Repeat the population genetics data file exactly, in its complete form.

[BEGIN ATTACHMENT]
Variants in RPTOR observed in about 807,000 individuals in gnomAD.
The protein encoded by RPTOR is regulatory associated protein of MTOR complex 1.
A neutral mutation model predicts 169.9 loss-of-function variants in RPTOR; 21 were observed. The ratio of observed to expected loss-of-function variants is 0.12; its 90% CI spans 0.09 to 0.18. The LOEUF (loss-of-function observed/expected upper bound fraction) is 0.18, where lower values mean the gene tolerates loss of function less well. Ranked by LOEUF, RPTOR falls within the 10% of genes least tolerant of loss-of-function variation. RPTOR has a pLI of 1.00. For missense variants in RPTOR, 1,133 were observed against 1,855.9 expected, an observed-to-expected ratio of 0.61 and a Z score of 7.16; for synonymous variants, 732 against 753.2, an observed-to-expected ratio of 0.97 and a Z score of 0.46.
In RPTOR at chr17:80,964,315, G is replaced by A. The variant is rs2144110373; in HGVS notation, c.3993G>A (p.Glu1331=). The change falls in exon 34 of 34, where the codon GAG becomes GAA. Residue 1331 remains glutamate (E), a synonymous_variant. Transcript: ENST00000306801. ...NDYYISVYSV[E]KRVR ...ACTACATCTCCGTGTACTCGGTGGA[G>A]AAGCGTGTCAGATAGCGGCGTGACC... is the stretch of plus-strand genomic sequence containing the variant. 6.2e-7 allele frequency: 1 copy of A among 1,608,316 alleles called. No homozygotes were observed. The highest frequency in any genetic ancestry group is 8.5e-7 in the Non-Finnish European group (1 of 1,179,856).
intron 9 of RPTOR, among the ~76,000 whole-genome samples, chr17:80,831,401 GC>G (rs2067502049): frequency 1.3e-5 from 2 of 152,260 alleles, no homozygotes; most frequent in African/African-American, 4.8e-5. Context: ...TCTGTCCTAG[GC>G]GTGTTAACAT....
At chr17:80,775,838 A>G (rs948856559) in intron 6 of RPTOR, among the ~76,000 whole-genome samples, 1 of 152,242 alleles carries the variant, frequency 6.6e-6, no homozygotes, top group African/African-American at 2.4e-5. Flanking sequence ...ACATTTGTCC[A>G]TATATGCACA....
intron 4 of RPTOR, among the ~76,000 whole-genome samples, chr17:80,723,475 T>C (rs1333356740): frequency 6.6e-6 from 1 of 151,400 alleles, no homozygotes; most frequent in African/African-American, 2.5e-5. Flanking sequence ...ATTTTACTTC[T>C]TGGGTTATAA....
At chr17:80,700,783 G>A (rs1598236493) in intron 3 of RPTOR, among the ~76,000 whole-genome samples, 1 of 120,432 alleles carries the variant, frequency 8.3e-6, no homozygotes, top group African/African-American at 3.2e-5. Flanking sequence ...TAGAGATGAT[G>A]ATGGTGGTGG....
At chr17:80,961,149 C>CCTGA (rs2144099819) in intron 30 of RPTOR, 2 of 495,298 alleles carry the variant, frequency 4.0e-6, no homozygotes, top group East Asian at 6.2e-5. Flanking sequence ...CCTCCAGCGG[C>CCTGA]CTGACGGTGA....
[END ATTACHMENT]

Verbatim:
Variants in RPTOR observed in about 807,000 individuals in gnomAD.
The protein encoded by RPTOR is regulatory associated protein of MTOR complex 1.
A neutral mutation model predicts 169.9 loss-of-function variants in RPTOR; 21 were observed. The ratio of observed to expected loss-of-function variants is 0.12; its 90% CI spans 0.09 to 0.18. The LOEUF (loss-of-function observed/expected upper bound fraction) is 0.18, where lower values mean the gene tolerates loss of function less well. Ranked by LOEUF, RPTOR falls within the 10% of genes least tolerant of loss-of-function variation. RPTOR has a pLI of 1.00. For missense variants in RPTOR, 1,133 were observed against 1,855.9 expected, an observed-to-expected ratio of 0.61 and a Z score of 7.16; for synonymous variants, 732 against 753.2, an observed-to-expected ratio of 0.97 and a Z score of 0.46.
In RPTOR at chr17:80,964,315, G is replaced by A. The variant is rs2144110373; in HGVS notation, c.3993G>A (p.Glu1331=). The change falls in exon 34 of 34, where the codon GAG becomes GAA. Residue 1331 remains glutamate (E), a synonymous_variant. Transcript: ENST00000306801. ...NDYYISVYSV[E]KRVR ...ACTACATCTCCGTGTACTCGGTGGA[G>A]AAGCGTGTCAGATAGCGGCGTGACC... is the stretch of plus-strand genomic sequence containing the variant. 6.2e-7 allele frequency: 1 copy of A among 1,608,316 alleles called. No homozygotes were observed. The highest frequency in any genetic ancestry group is 8.5e-7 in the Non-Finnish European group (1 of 1,179,856).
intron 9 of RPTOR, among the ~76,000 whole-genome samples, chr17:80,831,401 GC>G (rs2067502049): frequency 1.3e-5 from 2 of 152,260 alleles, no homozygotes; most frequent in African/African-American, 4.8e-5. Context: ...TCTGTCCTAG[GC>G]GTGTTAACAT....
At chr17:80,775,838 A>G (rs948856559) in intron 6 of RPTOR, among the ~76,000 whole-genome samples, 1 of 152,242 alleles carries the variant, frequency 6.6e-6, no homozygotes, top group African/African-American at 2.4e-5. Flanking sequence ...ACATTTGTCC[A>G]TATATGCACA....
intron 4 of RPTOR, among the ~76,000 whole-genome samples, chr17:80,723,475 T>C (rs1333356740): frequency 6.6e-6 from 1 of 151,400 alleles, no homozygotes; most frequent in African/African-American, 2.5e-5. Flanking sequence ...ATTTTACTTC[T>C]TGGGTTATAA....
At chr17:80,700,783 G>A (rs1598236493) in intron 3 of RPTOR, among the ~76,000 whole-genome samples, 1 of 120,432 alleles carries the variant, frequency 8.3e-6, no homozygotes, top group African/African-American at 3.2e-5. Flanking sequence ...TAGAGATGAT[G>A]ATGGTGGTGG....
At chr17:80,961,149 C>CCTGA (rs2144099819) in intron 30 of RPTOR, 2 of 495,298 alleles carry the variant, frequency 4.0e-6, no homozygotes, top group East Asian at 6.2e-5. Flanking sequence ...CCTCCAGCGG[C>CCTGA]CTGACGGTGA....